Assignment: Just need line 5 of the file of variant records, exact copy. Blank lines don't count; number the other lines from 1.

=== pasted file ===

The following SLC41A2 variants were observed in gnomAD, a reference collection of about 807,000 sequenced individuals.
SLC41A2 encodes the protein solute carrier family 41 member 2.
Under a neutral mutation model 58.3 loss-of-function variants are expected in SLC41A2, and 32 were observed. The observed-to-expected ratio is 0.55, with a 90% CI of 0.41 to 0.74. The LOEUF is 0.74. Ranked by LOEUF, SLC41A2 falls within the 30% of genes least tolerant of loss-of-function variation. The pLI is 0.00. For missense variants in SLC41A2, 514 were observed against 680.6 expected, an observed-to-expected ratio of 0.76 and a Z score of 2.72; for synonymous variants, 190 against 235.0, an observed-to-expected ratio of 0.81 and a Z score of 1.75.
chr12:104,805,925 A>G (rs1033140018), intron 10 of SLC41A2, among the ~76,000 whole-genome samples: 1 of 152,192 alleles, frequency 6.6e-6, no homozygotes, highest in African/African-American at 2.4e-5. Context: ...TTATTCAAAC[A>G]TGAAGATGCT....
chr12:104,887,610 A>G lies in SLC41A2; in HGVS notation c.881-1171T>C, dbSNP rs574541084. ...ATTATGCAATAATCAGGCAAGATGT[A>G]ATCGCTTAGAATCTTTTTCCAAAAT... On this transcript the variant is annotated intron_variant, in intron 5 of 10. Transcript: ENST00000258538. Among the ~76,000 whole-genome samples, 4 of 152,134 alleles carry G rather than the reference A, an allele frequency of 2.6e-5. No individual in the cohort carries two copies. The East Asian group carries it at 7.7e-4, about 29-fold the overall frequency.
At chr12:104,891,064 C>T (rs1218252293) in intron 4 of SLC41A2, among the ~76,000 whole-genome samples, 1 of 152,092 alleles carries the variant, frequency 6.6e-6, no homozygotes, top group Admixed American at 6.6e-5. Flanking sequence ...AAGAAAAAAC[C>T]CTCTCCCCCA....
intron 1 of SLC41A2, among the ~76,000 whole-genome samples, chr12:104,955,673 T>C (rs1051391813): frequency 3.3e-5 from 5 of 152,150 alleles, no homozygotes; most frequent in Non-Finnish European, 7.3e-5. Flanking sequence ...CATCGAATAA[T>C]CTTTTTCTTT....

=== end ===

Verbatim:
chr12:104,887,610 A>G lies in SLC41A2; in HGVS notation c.881-1171T>C, dbSNP rs574541084. ...ATTATGCAATAATCAGGCAAGATGT[A>G]ATCGCTTAGAATCTTTTTCCAAAAT... On this transcript the variant is annotated intron_variant, in intron 5 of 10. Transcript: ENST00000258538. Among the ~76,000 whole-genome samples, 4 of 152,134 alleles carry G rather than the reference A, an allele frequency of 2.6e-5. No individual in the cohort carries two copies. The East Asian group carries it at 7.7e-4, about 29-fold the overall frequency.